Marketplace Missions Continued
November 27, 2017
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In my previous marketplace mission post, I discussed the need for the church to swing the organizational arm of missions to support the Christian Business Professional to take the gospel to work. Additionally, the church has to change their language to communicate to them about missions in a way they can understand, in a way that will connect the dots. In this post, I will explain why marketplace missions is a natural extension for most of the congregation of a church.
Why marketplace missions?
The Christian business professional can spend about 45-50 hours a week doing work related activities making it easily the place where they spend most of their time. The only way this statement would not be true is if they spent every minute of every hour on the weekend focused on one particular thing. The maximum amount of hours they have on Saturday and Sunday is 48. If you allow them to sleep during that time frame, the maximum amount of time they have in reality is 34 hours. And those hours get chewed up quickly with honey-do lists, and stuff that has been put off during the week. After having spent five days of the grind at work, most of them are looking to unwind to get ready for the next week as the process repeats itself all over again.
Christian business professionals are probably familiar with the saying “I spend more time at work than I do with my own family.” In most cases, this is true, especially if you are looking in the context of quality time. The amount of time spent building and maintaining relationships to function well at their job, and accomplish tasks is extraordinary. Even if relationship building is seen as part of the job, Christian professionals are part of the lives of many who are not saved, through work. These relationships expose them to all sorts of life events where the gospel can play a significant role. Life happens for those at work, and in most cases, those life events are shared at work. Think about the conversations that members of a congregation will have at work that they will not have anywhere else: death in a family, sometimes tragic; heartbreak; disappointment; yearning for something more in life; and happy events with kids. All of this part of the day to day conversations at work.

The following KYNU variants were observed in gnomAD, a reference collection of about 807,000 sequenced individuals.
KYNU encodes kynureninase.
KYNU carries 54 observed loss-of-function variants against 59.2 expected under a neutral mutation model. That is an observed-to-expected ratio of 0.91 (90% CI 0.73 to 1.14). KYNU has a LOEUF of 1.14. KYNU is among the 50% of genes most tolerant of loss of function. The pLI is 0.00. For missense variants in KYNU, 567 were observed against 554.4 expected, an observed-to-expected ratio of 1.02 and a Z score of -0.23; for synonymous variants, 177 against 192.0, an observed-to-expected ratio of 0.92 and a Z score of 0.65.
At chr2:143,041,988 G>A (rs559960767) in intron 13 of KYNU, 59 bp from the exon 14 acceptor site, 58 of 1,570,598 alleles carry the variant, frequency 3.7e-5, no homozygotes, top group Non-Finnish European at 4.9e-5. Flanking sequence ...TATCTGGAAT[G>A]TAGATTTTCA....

These interactions are not forced. Christian professionals do not have to go to some social gathering to meet people and start building relationships. ALL of them, have already built these relationships.
Exposing the gospel to different people groups and cultures is critical to all overseas missions group. A new overseas missionary could take years to develop relationships, and become embedded in the culture. Even then they are limited to one culture and one people group. Foreign missions serve a small area where the culture and people group are primarily the same.
Imagine a scenario where a missionary could expose the gospel to numerous people groups and cultures. Imagine a scenario where the missionary has been embedded in this culture for an extended period and has already created the relationships necessary to speak into their lives. Would church leadership be interested in tapping into this great missions opportunity?
The workplace is the great melting pot of social classes and cultures. This can be seen all over the world and is uniquely true in the American workforce. In my current vocation I am exposed to a variety of cultures: African American Youth, Korean, Japanese, and Hispanic. Within these different cultures, I have a variety of social classes which represent different lifestyle choices. The gospel is relevant in all cases.
That being said, delivering the gospel in the workplace is not without challenges. The workplace has become increasingly hostile to Christianity. Learning how to communicate the gospel in a way that is meaningful for the various cultures can be difficult as well. However, I am convinced that if the church focused on marketplace missions in the same manner as they do overseas missions, these hurdles could be overcome. The marketplace represents the low hanging fruit of the harvest, and it happens to represent the place of the largest harvest, especially in America.